*From the dusty archives…
Growing up, my parents steered me away from friends who had undesirable behavior. Now that I’m a mom, I find myself doing the same thing with my children. Why? Today’s lesson is a simple one… you are the company you keep.
- If you surround yourself with people of good reputation, you will be viewed positively.
- If you associate with accomplished professionals, you will pick up on what makes them successful.
- If you affiliate with people who have good values, you will be perceived in the same light.
It frustrates me to see people who surround themselves with people of questionable character. If you align yourself with people who are arrogant, rude, negative, unmotivated, or who lack a moral compass, you will be perceived similarly. That is a FACT.
So, take a good look in the mirror today. Then, take a look at your contacts online and in your day-to-day life. If there are people of questionable character, now is your chance to unfollow, unfriend, or dis-associate from them. You don’t have to associate with negativity. After all, you ARE the company you keep. What do you think?
Before social media, I would have largely agreed with this statement, with a few exceptions. If you work alongside someone who is universally considered to be an odious creature, then rarely will you be judged for it.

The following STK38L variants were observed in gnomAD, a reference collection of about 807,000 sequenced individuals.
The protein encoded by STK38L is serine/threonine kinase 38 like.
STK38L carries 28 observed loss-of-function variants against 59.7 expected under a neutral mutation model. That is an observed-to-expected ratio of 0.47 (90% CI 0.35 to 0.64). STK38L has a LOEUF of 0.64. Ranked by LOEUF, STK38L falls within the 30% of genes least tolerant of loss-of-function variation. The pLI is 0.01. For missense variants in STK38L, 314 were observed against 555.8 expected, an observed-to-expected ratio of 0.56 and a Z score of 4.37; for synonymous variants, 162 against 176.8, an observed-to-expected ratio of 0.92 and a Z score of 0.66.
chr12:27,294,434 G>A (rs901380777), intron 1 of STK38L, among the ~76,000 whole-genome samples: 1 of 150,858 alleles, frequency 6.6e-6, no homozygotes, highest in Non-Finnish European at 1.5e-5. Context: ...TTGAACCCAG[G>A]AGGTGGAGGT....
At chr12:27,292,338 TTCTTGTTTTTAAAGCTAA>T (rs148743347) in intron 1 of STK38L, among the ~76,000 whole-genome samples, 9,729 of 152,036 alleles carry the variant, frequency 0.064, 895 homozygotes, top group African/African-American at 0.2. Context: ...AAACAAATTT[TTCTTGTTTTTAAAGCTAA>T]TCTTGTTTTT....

Social media connections now can be so tenuous and flimsy, that it is impossible to view a connection as an endorsement. In fact of the thousands of connections I have (and others too) on Facebook, LinkedIn and Twitter, I have personally met only a few, and have not vetted any. I connect with competitors, former colleagues, friends from school when I was 5, and even those I dislike intensely so that I know what they are saying. Heck I even follow Donald Trump on Twitter!
If I only followed 10 people, and one was Trump, then a person could read more into that than if he was one of 2,000 accounts I followed. And lets face it, most people only ever add connections, not lose them.
As a result of this, I’d say the reverse is true. The more connections you have, the less anyone can interpret any single one as an endorsement, alignment, or even a sign of tacit approval.
Thanks @Stephen. I completely understand your approach to connections and don’t disagree that the more you have, it can dilute any chance of a perceived endorsement. I think when I wrote this several years ago, and even in reposting now, I am thinking more about when someone has regular interaction with people. This is both in person and online. For example, if you not only follow or friend someone online, but you consistently comment in the affirmative on what they post, or share their posts and information, that could be viewed as supporting that person’s beliefs or agenda. In that way, it would be an endorsement because you (or the person in question) would be affirming the other person’s views. Thanks so much for sharing your ideas.
Thanks Stephen to share your great idea from here. I’re understood your approches to connections. I think someone has regular intraction with people through online.
HR Executive at SLA Consultants India